b Chilo in Diog. Laert. lib. i. sect. 71. p. 44. (mihi) saith, Sibi non esse conscium in tota vita ingratitudinis*: una tamen re se modice moveri, quod cum semel inter amicos illi judicandum esset, neque contra jus agere aliquid vellet, persuaserit amico judicium a se provocaret, ut sic nimirum utrumque et legem et amicum servaret. This was his injustice of which he repented.
• Laertius has ὡς οὐδὲν συνειδείη ἄγνωμον εαυτῷ ἐν τῷ βίῳ. Sibi non essi conscium in tota vita præter rationem quidquam egisse. (T. C.)
very great (to you), whether you seek it by medicining men or beasts, or by lower means than either of them. To others indeed it may be a very great benefit, whose lives you have been a means to save; but to yourselves it will be no greater than your intention maketh it. If the honouring and pleasing God, and the public good, and the saving of men's lives, be really first and highest in your desires, then it is God that you serve in your profession; otherwise you do but serve yourselves. And take heed lest you here deceive yourselves, by thinking that the good of others is your end, and dearer to you than your gain, because your reason telleth you it is better and ought to be preferred: for God and the public good are not every man's end, that can speak highly of them, and say they should be so. If most of the world do practically prefer their carnal prosperity even before their souls, while they speak of the world as disgracefully as others, and call it vanity; how much more easily may you deceive yourselves, in preferring your gain before men's lives, while your tongue can speak contemptuously of gain?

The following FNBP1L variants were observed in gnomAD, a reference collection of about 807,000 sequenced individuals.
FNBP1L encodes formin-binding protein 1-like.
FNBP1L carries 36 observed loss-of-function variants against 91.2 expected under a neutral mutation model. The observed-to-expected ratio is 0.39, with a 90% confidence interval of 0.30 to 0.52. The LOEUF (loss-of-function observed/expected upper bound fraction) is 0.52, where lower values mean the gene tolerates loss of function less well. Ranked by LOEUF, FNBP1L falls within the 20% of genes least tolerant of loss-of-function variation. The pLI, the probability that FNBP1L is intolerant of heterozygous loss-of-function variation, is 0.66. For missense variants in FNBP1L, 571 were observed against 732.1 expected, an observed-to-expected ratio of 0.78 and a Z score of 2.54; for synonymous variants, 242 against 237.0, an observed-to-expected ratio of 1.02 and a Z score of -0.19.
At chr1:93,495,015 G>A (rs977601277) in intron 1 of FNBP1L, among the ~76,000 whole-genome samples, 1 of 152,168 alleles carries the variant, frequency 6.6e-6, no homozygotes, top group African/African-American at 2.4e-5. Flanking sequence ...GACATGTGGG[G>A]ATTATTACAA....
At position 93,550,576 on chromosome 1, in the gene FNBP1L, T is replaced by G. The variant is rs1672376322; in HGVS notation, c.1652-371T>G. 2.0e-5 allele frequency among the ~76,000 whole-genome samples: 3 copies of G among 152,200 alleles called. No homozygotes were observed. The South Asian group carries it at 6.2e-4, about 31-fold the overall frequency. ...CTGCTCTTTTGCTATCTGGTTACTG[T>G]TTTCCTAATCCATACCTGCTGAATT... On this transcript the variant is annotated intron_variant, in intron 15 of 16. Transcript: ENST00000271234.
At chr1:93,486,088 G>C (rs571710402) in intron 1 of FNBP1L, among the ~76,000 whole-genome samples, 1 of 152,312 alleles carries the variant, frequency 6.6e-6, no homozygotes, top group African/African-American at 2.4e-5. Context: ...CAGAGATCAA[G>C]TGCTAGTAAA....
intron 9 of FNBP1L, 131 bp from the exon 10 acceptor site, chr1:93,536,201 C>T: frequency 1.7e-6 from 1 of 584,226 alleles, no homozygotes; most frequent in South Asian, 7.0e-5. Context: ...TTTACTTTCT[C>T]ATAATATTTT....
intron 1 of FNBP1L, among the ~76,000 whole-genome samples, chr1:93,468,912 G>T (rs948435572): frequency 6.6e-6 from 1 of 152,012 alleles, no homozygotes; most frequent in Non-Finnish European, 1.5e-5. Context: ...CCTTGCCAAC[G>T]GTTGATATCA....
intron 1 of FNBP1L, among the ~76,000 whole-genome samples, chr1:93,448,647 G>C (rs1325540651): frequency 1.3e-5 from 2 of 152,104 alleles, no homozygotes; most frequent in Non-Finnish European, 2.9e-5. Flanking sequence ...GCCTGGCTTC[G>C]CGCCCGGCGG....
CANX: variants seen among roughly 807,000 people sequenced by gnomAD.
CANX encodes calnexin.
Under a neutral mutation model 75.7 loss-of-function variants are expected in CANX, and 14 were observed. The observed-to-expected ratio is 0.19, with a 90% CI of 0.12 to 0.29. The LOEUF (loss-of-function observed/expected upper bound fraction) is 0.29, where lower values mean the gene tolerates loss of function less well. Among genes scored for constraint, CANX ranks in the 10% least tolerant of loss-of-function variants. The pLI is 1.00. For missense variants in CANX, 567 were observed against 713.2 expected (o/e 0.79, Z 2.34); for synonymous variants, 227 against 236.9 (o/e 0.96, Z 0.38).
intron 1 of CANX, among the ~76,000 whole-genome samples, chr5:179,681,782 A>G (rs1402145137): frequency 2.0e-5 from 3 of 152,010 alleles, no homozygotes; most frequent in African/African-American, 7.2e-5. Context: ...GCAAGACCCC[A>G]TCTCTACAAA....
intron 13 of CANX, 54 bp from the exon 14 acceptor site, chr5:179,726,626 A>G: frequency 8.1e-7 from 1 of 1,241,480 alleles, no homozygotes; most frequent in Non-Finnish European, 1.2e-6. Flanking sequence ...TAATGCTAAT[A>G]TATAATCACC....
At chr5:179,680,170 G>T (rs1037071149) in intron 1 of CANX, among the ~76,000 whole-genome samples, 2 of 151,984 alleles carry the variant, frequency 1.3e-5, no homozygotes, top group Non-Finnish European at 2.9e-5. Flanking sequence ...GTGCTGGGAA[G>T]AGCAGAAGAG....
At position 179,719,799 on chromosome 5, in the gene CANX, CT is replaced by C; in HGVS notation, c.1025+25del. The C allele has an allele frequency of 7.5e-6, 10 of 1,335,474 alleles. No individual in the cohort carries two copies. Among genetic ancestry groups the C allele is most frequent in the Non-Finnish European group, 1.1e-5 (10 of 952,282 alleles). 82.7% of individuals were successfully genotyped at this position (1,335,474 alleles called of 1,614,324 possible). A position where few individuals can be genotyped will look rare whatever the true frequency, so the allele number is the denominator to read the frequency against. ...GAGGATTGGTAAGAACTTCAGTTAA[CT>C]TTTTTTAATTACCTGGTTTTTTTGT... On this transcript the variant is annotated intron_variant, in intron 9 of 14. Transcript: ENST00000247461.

Direct. 11. Be ready to help the poor as well as the rich.' Differencing them no further than the public good requireth you to do. Let not the health or lives of men be neglected because they have no money to give you many poor people perish for want of means, because they are discouraged from going to physicians, through the emptiness of their purses: in such a case you must not only help them gratis, but also appoint the cheapest medicines for them.